The much-anticipated, and much-delayed, release of No Time to Die, the 25th entry in the Eon Productions series chronicling the adventures of Ian Fleming’s apparently ageless secret agent hero, James Bond, closes the ‘era’ of Daniel Craig’s James Bond, which began on 15 October 2005 with that now-notorious press conference beside the River Thames in which Craig, entering via a Royal Navy RIB, was widely if unfairly mocked for wearing a life-jacket. Five films and over US $3 billion at the box office later, and no-one is mocking Craig now. The man who was deemed by some fans ‘too short’ and ‘too blonde’ for Bond has indelibly put his stamp on the role of Britain’s most famous super-spy.

It’s been public knowledge for some time that No Time To Die – delayed first by the departure of original director Danny Boyle and then by successive postponements due to the closure of cinemas during the global Coronavirus pandemic – would be Craig’s last Bond adventure. His place in the history of cinematic Bond is assured. But how does his exit compare to other last films by his predecessors who also carried Bond’s ‘licence to kill’?

It turns out that, rather like politicians and sports stars, Bond actors have rarely had the chance to choose the timing and nature of their exit from the stage.

Never say ‘never’ to Bond

Sean Connery was the first cinematic Bond, beginning with Dr No (1962), and remains the yardstick against which all new Bonds are judged. Connery was also unique in having no fewer than three ‘last’ Bond pictures. He first announced his retirement from Her Majesty’s Secret Service during the shooting of You Only Live Twice (1967) in Japan, where he tired of the constant press intrusion. For those who don’t know their SMERSH from their SPECTRE, You Only Live Twice is the one where the villain’s lair is inside a hollowed-out volcano and mod cons include a pool of man-eating piranhas. Some critics have suggested that Connery looks bored in You Only Live Twice: he certainly looks uneasy during his unconvincing disguise as a Japanese fisherman.

Connery was always going to be a hard act to follow. Australian model-turned-actor George Lazenby, who starred in On Her Majesty’s Service (1969), lasted for just the one film. Although it was less successful at the box office than previous Bonds, this was probably due as much to the film’s downbeat ending (Bond’s wife Tracy is shot dead before their honeymoon) as to the inexperienced Lazenby, who was excellent in the action sequences and not at all bad in the dramatic moments. But Lazenby felt that Bond was ‘Connery’s gig’ and left of his own accord. OHMSS is now regarded as one of the best Bond films within the fan culture, an early hint of the greater emotional and psychological depth of the Craig films.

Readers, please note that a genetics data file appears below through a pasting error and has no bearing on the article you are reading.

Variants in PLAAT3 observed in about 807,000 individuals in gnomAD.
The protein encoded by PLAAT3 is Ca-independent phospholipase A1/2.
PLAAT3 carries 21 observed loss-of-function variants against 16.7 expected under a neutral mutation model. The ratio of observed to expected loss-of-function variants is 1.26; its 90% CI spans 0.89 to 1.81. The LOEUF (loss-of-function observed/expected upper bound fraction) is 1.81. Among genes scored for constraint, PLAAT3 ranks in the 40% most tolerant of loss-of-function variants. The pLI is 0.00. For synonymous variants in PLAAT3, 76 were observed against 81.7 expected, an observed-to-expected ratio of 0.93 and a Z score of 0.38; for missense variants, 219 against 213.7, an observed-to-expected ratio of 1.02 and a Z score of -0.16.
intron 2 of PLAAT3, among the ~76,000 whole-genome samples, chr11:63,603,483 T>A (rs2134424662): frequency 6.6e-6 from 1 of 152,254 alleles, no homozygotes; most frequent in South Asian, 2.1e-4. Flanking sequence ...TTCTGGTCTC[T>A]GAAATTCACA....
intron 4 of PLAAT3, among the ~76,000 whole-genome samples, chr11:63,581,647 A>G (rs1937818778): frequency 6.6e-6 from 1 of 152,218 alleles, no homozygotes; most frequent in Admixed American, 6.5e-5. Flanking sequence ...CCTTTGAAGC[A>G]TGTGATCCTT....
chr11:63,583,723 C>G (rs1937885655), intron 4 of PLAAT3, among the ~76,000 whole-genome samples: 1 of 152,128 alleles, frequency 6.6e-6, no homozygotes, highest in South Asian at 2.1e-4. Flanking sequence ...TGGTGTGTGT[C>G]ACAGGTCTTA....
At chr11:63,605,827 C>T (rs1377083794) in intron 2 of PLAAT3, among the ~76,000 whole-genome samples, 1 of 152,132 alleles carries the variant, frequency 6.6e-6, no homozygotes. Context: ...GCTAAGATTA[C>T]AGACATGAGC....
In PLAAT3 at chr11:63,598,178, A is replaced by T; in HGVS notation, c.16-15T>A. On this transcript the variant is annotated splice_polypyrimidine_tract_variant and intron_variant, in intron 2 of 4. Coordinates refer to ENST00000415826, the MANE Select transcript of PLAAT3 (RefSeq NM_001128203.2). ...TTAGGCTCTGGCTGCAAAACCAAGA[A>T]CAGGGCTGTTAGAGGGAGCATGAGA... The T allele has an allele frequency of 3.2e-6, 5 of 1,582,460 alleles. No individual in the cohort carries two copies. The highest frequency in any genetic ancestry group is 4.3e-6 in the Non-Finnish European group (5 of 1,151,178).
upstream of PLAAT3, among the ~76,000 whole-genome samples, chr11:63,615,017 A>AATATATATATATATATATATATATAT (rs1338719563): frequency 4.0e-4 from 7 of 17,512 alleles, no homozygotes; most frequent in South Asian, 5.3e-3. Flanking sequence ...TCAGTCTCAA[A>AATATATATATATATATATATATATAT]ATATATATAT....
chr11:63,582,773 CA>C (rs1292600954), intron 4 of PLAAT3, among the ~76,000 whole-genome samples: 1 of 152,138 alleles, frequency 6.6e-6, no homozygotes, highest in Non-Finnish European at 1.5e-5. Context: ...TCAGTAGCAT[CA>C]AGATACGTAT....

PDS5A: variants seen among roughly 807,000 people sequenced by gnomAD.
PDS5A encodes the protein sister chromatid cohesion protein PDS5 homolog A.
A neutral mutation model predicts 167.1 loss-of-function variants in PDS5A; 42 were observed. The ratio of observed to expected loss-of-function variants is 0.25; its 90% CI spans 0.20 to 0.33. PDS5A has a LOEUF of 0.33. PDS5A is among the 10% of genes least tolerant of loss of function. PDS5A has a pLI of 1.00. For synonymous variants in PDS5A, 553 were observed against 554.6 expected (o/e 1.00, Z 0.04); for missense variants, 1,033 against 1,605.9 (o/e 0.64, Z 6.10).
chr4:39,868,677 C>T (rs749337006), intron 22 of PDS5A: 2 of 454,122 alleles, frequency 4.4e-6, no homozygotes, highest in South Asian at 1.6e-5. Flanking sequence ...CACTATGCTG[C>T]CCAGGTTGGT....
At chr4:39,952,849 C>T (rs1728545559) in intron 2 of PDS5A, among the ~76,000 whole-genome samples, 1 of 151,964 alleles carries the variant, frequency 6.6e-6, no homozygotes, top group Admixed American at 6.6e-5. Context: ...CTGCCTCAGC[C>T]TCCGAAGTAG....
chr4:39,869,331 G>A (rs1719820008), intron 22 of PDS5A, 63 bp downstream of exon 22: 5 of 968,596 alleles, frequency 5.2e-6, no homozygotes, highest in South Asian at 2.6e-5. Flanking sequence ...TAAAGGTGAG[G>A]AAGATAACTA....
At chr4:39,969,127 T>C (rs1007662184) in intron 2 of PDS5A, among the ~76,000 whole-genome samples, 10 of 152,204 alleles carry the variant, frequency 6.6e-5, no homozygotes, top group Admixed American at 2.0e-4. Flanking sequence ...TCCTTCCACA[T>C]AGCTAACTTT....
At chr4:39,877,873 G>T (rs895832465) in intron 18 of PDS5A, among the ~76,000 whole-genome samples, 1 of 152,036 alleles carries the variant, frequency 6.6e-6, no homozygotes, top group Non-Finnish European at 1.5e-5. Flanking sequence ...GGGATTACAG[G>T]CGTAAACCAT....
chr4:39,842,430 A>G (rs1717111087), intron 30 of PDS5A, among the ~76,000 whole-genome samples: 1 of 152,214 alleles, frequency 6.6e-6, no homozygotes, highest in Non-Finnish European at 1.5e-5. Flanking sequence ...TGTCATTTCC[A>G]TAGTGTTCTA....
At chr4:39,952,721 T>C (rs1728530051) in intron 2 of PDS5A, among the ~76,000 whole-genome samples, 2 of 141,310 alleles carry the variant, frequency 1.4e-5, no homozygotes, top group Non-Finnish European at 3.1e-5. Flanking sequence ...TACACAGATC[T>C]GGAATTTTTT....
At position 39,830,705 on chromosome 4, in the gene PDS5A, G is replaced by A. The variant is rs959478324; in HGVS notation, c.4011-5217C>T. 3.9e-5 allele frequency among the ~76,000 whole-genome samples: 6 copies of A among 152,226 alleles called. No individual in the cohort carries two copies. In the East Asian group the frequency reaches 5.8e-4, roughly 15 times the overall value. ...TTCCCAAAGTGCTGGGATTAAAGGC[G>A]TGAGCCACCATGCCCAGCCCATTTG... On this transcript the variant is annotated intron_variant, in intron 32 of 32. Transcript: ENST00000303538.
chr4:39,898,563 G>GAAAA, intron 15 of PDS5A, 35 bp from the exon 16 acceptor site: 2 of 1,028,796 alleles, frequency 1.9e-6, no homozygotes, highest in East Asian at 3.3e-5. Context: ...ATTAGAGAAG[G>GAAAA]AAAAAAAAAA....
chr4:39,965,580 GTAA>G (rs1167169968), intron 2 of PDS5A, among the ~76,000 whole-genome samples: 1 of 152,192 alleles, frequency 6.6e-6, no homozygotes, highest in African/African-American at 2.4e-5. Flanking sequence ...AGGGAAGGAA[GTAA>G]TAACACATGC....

The distributor United Artists drew the conclusion that Connery was irreplaceable and lured him back for Diamonds Are Forever (1971) with a bumper salary and an offer to make two other films of his choice. For non-enthusiasts, Diamonds Are Forever is the one where Bond nearly gets cremated, drives a moon buggy across the Nevada desert and gets knocked around by two athletic women called Bambi and Thumper. It would fair to say that Diamonds Are Forever is a mess: the plot doesn’t make much sense (even by the standards of the James Bond films) and the tone is uneven (the death of Plenty O’Toole is particularly nasty in a film that otherwise adopts a tone of high camp). But Connery, purring his way through the film with the self-satisfied smirk of a man earning over $1 million and a percentage of the box office, was clearly enjoying himself more than in Twice.

Connery intended that Diamonds would definitively be his last Bond appearance, telling the press ‘never again’. Like Steve Redgrave after the 1996 Olympics, however, he came back one more time in the ironically-entitled Never Say Never Again (1983). This was a ‘remake’ of Thunderball produced outside the Eon Productions series by Kevin McClory. [i] It’s neither the best nor the worst of the Bond pictures, but Connery’s swansong doesn’t match up to sixties classics such as From Russia With Love (1963) and Goldfinger (1964).

More – much more – Roger Moore!

The king of eyebrow acting, Roger Moore starred as Bond in seven films, from Live and Let Die (1973) to A View To a Kill (1985). Three years older than Connery, Moore was 45 when he first uttered the line ‘Bond – James Bond’. Initially signed to a three-picture contract, there was always a sense that Moore was making his last Bond film. The opening scene of For Your Eyes Only (1981) was clearly written to introduce a new actor by linking to Bond’s past, and it’s known that James Brolin screen tested for Octopussy (1983), but in the end the terms were always agreed for ‘one more’ film. Prior to A View To a Kill, however, Moore and Bond producer Cubby Broccoli agreed that this would be his last.

A View To a Kill is undoubtedly one of the weaker Bonds and the consensus is that it was a mission too far for the 57-year-old Moore whose role by now had become akin to a high-salaried stand-in for the teams of stunt performers. Moore’s swansong is saddled with an annoying heroine – the late Tanya Roberts is even less convincing as a geologist than Denise Richards’s nuclear scientist in The World Is Not Enough – and a poorly structured script that cheats the audience out of the promised showdown between Bond and Grace Jones’s larger-than-life villainess May Day. It’s also the one where Bond escapes Russian pursuers by snowboarding to the strains of ‘Surfing USA’ and reveals his hitherto unknown culinary prowess to demonstrate that real agents do eat quiche. A lukewarm critical reception confirmed that it was time for a change. [ii]

From Dalton to Brosnan